The mix of fabrics for this project? 
 I hope my son considers them suitably manly.  Oh the project?  A post and rail quilt, or as some say, a rail quilt.

Sunday, June 5, 2011

You can use its coat for knitting

Every once in a while the mind throws a blank as to a suitable blogging topic, and equally every so often a topic is tossed into one's lap; a gift of immense proportions.  Today was one such day.

Visiting around Blogland memories of the past were stirred into action.  Pets and childhood!  I guess many children have a kitten or puppy, or a guinea pig as a pet.  I had pet lambs.  One was terribly spoiled and even in her older age, a dignified mother of frisking and frolicking lambs she stayed close to the house, no doubt remembering the joyful days of her youth. 

My Dad owned a small farmlet, almost 30 acres in all.  In the beginning we had cows, but 'regulations' were tightened making it uneconomical to milk cows in a shed that wasn't up to hospital hygiene standards.  We went into sheep, that were imminently better than cows.  Cows, especially if poked through the yard fence by long sticks by my brother, tended to the wild side.  I, a quiet little girl, knew better than to tease milking cows ... or any cows in fact.

Going into sheep often meant pet lambs, and although my Dad sometimes took the coat from the still-born lamb and put it on a motherless lamb, more often than not we could persuade him that a motherless lamb would be better off as a pet.  Pet lambs were given preferential treatment.

My pet lamb of some reknown, was Frisky.  However Frisky somehow didn't sound 'just right'.  I altered it to Frisco, which gave her a aura of movieland [well San Francisco is in California as is Hollywood].  Frisco was bottle fed, several times a day; several times a day more than absolutely necessary to sustain life; she became rotund. 

On a good day she would deign to be dressed in doll's clothes, to be sat upon my knee for her bottle feed.  Please remember, dear reader, I would have been all of ten years of age; a mother in the making.  When one doesn't have small brothers or sisters, a lamb is a substitute!

Frisco had several saving graces; the main one she was an excellent lead sheep.  We dipped our sheep down the road at the neighbours, and while Frisco had to be enticed, and often placed in the boot of the car [my Dad, for some unknown reason, objected to her riding in the car, but I am positive she would have enjoyed the novelty of motor travel with a view] she was in her own coming home.  Once out of the dip she headed for the road, and as though running a marathon, headed for home.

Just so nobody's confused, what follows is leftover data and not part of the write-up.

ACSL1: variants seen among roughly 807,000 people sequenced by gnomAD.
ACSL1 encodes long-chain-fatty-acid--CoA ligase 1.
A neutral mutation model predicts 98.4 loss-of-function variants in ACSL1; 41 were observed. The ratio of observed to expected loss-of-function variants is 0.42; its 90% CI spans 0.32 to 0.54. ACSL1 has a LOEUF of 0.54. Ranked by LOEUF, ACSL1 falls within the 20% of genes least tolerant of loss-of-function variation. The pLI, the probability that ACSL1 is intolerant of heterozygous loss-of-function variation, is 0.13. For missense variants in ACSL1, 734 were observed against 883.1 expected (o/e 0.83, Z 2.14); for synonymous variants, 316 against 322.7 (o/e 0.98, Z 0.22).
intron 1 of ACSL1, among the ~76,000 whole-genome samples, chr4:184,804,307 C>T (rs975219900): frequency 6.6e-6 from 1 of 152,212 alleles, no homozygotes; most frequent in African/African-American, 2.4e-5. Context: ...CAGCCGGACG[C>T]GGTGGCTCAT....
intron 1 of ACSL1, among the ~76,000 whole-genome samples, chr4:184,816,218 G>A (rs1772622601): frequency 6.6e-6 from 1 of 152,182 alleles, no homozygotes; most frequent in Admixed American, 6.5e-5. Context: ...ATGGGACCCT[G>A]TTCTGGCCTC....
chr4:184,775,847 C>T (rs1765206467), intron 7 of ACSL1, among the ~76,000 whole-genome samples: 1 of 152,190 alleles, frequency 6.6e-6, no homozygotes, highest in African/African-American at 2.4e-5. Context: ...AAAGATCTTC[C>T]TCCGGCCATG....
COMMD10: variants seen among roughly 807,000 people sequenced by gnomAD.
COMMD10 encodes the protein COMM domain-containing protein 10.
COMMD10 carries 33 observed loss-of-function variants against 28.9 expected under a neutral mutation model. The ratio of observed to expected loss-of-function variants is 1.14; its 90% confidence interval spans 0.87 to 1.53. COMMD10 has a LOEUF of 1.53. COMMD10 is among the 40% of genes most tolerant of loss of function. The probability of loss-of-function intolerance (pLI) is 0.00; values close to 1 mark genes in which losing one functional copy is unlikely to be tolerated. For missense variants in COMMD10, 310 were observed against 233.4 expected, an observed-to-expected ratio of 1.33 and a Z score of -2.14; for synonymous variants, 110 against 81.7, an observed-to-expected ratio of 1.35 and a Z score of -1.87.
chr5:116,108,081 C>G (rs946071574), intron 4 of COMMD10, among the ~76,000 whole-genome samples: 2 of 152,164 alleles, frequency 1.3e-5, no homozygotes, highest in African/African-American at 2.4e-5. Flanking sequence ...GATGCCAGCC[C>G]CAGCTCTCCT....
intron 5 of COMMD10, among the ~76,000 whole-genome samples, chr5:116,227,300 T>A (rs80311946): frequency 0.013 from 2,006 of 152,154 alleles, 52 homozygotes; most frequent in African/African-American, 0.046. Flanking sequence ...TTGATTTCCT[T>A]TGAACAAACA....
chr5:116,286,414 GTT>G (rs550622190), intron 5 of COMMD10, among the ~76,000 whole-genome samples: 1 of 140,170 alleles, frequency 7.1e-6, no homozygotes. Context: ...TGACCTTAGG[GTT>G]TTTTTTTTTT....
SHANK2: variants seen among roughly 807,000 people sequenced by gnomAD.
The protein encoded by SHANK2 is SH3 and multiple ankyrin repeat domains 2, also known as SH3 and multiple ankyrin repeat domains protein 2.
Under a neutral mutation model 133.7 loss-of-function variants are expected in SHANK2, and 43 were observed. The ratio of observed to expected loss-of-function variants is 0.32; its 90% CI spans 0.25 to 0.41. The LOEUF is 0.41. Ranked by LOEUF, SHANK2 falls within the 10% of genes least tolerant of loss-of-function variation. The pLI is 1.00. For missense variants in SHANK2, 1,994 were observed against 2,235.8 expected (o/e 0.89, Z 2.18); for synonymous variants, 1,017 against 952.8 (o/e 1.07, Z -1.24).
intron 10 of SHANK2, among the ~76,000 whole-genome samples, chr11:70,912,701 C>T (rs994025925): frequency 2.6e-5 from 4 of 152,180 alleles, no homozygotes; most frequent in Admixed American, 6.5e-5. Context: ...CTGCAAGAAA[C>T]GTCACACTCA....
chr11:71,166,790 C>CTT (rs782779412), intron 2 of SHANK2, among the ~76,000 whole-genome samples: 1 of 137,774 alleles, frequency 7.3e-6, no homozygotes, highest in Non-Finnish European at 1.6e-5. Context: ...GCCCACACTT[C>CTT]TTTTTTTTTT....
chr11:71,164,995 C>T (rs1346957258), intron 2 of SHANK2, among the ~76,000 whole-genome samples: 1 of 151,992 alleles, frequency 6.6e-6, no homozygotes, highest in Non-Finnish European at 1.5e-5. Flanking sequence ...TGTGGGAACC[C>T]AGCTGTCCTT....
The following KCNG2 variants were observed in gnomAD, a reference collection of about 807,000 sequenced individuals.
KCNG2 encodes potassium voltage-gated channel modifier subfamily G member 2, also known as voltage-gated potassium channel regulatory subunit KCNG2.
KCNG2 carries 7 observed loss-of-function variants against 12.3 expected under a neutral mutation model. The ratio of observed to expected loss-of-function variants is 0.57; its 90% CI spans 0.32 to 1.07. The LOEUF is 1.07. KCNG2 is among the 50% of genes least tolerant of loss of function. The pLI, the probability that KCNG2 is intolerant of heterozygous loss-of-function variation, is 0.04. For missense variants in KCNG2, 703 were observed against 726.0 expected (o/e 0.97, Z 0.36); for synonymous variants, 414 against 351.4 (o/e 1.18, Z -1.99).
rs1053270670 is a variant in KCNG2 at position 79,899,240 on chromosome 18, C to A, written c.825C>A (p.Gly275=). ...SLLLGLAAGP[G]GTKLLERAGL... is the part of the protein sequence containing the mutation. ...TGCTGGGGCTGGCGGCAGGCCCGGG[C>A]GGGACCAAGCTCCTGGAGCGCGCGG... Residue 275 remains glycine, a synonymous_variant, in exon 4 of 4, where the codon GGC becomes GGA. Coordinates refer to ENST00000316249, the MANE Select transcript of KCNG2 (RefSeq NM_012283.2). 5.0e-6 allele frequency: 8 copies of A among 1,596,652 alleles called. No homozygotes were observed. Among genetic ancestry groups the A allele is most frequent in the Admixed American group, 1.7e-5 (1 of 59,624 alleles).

Sheep being sheep, the rest followed like sheep.

The result of having the privilege of possessing pet lambs has given me a soft spot for sheep all my life.  When I knit I insist on pure wool ... none of this artificial acrylic stuff!  Long live the Sheep!

Wednesday, June 1, 2011

"With this ring ..."

Jack was ev'ry inch a sailor,
Five and twenty years a whaler,
Jack was ev'ry inch a sailor,
He was born upon the bright blue sea

This morning, when in the process of tidying away a few of my plastic boxes [full of fabric, wool, and other items that may be useful one day] My Other Half found a treasure he had forgotten about.  It could be true to say that we both tend to keep items for future use ... though I will admit his addiction is stronger than mine!

A grey milk crate, those most useful of items, was found in a corner.  In it were several L.P. records.  Luckily we haven't progressed into the modern world that much that we don't own a suitable player.  The radio is not only a radio, but plays C.D's, and records ... the vinyl type ... do you remember them?

I recall, with clarity, summer holidays at the beach spent in the Family Crib [the modern word for this is a Holiday Bach, or Holiday Home; depending upon where one was born and raised ... Crib does appear to be  used solely in the southern South Island, New Zealand], where not long after my arrival I would haul the old gramophone out to the passage-way at the front door, choose my record [usually Jack was Every Inch a Sailor], and wind the handle as the music belted out, surging across the dusty road, over the river, across to the other side.  The gramaphone must have been elderly then, but the concept of music of my own choice was wonderful.

Back to this morning ... One of the records was Hank Snow, a country musician of the past.  At lunch time we switched off the radio, My Other Half placed the vinyl on the turntable, and Hank Snow filled the room.  Many of the songs were familiar; one, "With this Ring I Thee Wed" I knew 90% of the words, and as my singing voice is not one of my greatest assets, his nasal rendition blended well with my warbling.

We did wonder how the modern miss or mister would accept Hank Snow!  I commented, between warbling, that I knew the words.  How did I know them?  Because when I first heard the song way back last century the words were the main part, sung clearly and not drowned out with music.  

Soon these relics of the past will be museum pieces; folks will query what they are.